On Being Intentional

I went to see an old friend today.

He’d been on my mind for two or three months. Last time I’d seen him, probably a year ago or longer, he was living in a condominium complex for senior adults, and had had some health issues and lost a lot of weight, but was holding his own.

But I had failed to follow up, and in recent weeks he had tugged at the corners of my mind. Then I saw a Facebook post a mutual friend had posted thanking people who had been praying for him, and a photo of him looking a mite haggard but smiling. I messaged her to see what was going on with him. This time, she told me, she had thought it was all over. But he came through, and was well enough for visitors, she said. “Go see him! He would love to see you!” So I did.

He was in a rehabilitation center recovering after a close call with kidney failure and the cumulative effects of diabetes and congestive heard failure. When I tiptoed up to his room, armed with a bag of Russell Stover sugarless candies, he was lying on his side, covered to his chin in a light blanket, and sleeping deeply. But his color looked good, and at the sight of his familiar features relaxed in sleep, my heart flooded with affection. I thought of all the things he had taught me about radio and bluegrass music, all the jokes he told, all the funny stories about different country music people, how he would play “Happy Birthday” on the kazoo during his radio show. How he used to let me go backstage with him at the Ryman Auditorium when he was emceeing the bluegrass series in its early years, or, backstage at the Opry House, how he would invite me to sit on the stool next next to the announcer’s podium, just behind the big red curtain where I had a close-up view of the show. A large part of what I know of Nashville lore I learned from him. Some of my best Nashville memories happened because of him.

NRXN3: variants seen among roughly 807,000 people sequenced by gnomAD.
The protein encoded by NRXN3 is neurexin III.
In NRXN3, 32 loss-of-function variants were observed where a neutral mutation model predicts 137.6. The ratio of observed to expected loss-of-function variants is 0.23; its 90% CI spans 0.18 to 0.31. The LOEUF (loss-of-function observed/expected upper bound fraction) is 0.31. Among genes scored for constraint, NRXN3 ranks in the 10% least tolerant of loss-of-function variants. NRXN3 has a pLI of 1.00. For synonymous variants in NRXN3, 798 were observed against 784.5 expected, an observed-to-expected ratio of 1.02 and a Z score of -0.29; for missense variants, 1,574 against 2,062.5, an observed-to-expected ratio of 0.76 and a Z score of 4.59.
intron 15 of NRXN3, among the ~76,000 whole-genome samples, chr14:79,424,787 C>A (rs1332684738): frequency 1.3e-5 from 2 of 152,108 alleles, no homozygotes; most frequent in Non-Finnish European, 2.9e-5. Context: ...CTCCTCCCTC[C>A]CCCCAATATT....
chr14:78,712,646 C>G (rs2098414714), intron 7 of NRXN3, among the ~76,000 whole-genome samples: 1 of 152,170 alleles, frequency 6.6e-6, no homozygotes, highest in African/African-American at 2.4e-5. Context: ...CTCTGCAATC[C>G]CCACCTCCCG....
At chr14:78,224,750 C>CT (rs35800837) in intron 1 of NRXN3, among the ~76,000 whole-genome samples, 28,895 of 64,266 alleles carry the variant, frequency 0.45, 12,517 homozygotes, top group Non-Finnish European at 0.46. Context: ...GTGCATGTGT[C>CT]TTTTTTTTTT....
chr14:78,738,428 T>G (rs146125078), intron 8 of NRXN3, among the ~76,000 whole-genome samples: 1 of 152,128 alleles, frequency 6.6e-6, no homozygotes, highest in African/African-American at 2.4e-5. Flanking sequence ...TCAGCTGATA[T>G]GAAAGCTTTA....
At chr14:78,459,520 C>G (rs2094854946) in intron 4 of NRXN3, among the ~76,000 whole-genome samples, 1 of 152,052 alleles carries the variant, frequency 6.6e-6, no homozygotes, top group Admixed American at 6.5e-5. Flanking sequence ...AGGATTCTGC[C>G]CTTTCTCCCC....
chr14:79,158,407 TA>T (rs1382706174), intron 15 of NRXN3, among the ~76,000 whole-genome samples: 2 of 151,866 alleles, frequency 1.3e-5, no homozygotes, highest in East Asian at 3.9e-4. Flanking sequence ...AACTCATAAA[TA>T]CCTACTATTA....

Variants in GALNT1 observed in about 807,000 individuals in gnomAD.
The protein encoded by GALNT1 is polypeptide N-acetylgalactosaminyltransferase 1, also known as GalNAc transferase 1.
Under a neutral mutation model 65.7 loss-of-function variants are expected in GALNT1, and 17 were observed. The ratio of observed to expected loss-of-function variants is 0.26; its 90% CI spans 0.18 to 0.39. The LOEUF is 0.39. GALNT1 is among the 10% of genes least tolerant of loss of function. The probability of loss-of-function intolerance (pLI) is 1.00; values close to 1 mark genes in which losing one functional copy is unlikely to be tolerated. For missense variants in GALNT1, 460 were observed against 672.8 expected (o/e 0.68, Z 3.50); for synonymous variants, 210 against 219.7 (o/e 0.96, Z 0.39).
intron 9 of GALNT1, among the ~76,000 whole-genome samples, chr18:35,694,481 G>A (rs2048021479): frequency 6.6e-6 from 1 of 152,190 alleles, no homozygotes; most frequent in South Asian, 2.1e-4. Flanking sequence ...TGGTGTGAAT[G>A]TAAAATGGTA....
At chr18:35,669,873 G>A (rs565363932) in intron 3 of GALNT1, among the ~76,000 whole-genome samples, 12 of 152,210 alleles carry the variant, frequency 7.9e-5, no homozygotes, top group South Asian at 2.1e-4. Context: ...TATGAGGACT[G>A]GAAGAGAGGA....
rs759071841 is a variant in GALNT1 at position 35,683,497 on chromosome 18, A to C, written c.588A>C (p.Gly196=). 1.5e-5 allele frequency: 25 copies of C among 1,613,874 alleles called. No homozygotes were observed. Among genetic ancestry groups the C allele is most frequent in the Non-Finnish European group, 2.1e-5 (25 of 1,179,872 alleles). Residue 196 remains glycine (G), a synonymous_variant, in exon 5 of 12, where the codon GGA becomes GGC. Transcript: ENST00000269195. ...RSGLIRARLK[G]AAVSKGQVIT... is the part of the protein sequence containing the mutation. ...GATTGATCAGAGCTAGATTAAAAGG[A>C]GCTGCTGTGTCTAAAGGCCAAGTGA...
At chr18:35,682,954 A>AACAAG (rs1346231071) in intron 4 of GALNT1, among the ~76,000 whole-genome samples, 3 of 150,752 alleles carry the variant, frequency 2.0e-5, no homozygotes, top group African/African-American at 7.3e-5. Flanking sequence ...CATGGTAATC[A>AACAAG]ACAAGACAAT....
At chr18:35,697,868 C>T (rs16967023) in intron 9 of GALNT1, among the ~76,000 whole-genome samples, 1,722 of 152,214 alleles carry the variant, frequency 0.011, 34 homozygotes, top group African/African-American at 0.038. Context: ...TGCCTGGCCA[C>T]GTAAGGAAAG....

Now I debated whether or not to awaken him. I slipped the bag of candy out of my purse and placed it on the bedside table, and stepped out into the hall, where I flagged down a nurse. She assured me he had been asleep for awhile and would be awakened soon anyway for dinner, and encouraged me to wake him up.

I went back into his room, put my hand gently on his shoulder, and softly called his name. His eyes opened, then he focused on me, and a smile of infinite sweetness crossed his face. “Hiiiii!” he said softly, and opened his arms for a hug. “It’s been so long!”

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Saturday night I saw an old friend for the first time in three years.  We had gathered at the home of some mutual friends for an informal night of making tacos and watching a movie. (Fantastic Beasts and Where To Find Them – I thoroughly enjoyed it, muggle though I may be.)

Winnie The Pooh Friend Quote Winnie The Pooh Friendship Quotes. Quotesgram

We caught up on each other’s lives and families, and cars. She gave me a ride around the block in her Subaru, which fit, she said, as though it had been made for her. She demonstrated the inadequate synchronizing of her phone with the car by showing me how it announced, without her requesting it, that it was going to call Couple A and B. I asked her who Couple A and B were, and she said, “They lived across the road from me when I was growing up, and next to my grandmother.”

 

“I remember them! He came and got the mouse out of the trap when you had a dead mouse!” I exclaimed.

“Yes!” she said, and we laughed, delighted that we have such a depth of history that we remember such minute details about each other.

We think maybe we won’t wait three or four years to see each other again.